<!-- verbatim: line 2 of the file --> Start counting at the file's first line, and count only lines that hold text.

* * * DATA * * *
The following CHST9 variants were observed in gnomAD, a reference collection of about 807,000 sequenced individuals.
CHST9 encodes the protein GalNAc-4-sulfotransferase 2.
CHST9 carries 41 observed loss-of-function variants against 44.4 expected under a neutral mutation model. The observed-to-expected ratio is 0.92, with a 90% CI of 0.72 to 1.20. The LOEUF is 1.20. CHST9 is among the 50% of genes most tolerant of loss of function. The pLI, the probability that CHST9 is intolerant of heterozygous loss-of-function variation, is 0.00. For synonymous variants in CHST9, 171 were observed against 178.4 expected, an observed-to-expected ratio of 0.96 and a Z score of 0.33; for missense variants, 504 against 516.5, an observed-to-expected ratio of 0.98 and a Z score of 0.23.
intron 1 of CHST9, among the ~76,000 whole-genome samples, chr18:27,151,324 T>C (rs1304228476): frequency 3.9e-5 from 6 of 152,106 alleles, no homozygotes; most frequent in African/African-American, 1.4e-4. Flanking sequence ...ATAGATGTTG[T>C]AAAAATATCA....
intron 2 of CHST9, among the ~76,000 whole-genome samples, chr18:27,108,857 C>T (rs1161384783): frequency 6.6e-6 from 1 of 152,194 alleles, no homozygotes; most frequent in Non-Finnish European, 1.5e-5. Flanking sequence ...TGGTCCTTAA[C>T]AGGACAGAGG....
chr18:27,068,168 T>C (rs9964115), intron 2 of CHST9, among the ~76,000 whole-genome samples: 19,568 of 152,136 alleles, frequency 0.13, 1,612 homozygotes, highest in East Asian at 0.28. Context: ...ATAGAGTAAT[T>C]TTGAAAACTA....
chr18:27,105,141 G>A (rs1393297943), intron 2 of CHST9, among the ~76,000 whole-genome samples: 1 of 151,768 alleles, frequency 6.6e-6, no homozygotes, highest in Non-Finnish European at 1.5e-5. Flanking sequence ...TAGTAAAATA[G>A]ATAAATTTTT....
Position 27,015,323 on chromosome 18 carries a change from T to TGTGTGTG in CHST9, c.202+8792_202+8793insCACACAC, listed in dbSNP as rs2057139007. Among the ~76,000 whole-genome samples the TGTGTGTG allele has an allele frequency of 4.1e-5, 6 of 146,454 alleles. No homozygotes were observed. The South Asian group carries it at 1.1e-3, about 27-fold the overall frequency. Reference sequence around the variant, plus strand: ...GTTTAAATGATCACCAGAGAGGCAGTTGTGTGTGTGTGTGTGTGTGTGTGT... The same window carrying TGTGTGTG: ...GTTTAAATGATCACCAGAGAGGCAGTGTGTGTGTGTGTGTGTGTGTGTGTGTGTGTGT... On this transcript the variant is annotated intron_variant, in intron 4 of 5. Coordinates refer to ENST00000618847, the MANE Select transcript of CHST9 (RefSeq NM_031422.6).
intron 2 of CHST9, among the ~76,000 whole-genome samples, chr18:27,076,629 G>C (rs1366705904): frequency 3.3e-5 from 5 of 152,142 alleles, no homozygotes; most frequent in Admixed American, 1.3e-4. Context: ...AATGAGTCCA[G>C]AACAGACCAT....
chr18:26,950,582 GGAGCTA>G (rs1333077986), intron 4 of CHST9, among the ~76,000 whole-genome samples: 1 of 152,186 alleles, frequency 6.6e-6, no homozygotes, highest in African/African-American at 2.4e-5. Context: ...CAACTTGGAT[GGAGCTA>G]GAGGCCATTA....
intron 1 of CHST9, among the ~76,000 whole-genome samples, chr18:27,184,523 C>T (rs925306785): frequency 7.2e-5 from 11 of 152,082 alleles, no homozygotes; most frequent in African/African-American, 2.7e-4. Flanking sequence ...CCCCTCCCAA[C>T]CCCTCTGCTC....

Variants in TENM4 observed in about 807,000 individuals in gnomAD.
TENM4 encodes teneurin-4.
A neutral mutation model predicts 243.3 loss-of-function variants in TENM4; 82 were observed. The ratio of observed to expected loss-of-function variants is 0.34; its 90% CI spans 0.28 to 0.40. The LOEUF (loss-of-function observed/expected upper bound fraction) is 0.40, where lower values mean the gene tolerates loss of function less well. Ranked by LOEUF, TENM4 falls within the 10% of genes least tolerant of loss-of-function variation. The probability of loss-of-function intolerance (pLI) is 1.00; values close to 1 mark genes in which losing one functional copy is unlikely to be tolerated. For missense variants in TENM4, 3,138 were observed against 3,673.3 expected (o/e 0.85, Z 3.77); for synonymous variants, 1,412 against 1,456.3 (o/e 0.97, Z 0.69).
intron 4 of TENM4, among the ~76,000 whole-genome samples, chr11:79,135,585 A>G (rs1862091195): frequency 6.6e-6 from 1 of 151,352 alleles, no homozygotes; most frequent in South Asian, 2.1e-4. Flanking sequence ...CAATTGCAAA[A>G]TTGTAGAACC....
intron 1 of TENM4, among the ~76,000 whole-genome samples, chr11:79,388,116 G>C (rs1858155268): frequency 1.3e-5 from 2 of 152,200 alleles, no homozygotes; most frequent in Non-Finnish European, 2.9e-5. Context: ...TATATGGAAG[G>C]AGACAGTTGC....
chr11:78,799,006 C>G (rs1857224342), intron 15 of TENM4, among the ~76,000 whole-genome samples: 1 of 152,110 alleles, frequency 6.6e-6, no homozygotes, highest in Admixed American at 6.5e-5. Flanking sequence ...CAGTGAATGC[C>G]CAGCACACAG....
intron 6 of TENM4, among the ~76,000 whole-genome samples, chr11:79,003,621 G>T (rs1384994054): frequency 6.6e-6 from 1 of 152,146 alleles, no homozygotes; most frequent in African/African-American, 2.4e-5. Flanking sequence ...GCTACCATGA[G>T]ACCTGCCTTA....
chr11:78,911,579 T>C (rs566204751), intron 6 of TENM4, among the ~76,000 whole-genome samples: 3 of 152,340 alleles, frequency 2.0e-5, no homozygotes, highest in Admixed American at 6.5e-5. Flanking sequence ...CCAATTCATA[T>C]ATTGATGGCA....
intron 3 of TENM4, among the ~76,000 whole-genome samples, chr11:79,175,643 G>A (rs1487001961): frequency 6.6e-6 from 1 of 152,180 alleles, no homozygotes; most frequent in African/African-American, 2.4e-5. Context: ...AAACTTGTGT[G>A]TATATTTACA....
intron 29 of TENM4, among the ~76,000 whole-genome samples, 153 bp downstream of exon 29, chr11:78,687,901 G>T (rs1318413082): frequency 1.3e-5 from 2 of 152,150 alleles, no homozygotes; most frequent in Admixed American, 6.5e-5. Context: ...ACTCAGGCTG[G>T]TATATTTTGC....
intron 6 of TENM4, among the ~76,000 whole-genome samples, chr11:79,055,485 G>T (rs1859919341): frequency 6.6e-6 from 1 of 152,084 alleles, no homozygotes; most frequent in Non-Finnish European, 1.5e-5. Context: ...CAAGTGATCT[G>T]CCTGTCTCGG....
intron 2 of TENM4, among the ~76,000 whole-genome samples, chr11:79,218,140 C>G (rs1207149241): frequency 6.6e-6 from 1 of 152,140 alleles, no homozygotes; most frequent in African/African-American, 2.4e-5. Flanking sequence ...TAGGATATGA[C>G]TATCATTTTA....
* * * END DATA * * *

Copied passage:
CHST9 encodes the protein GalNAc-4-sulfotransferase 2.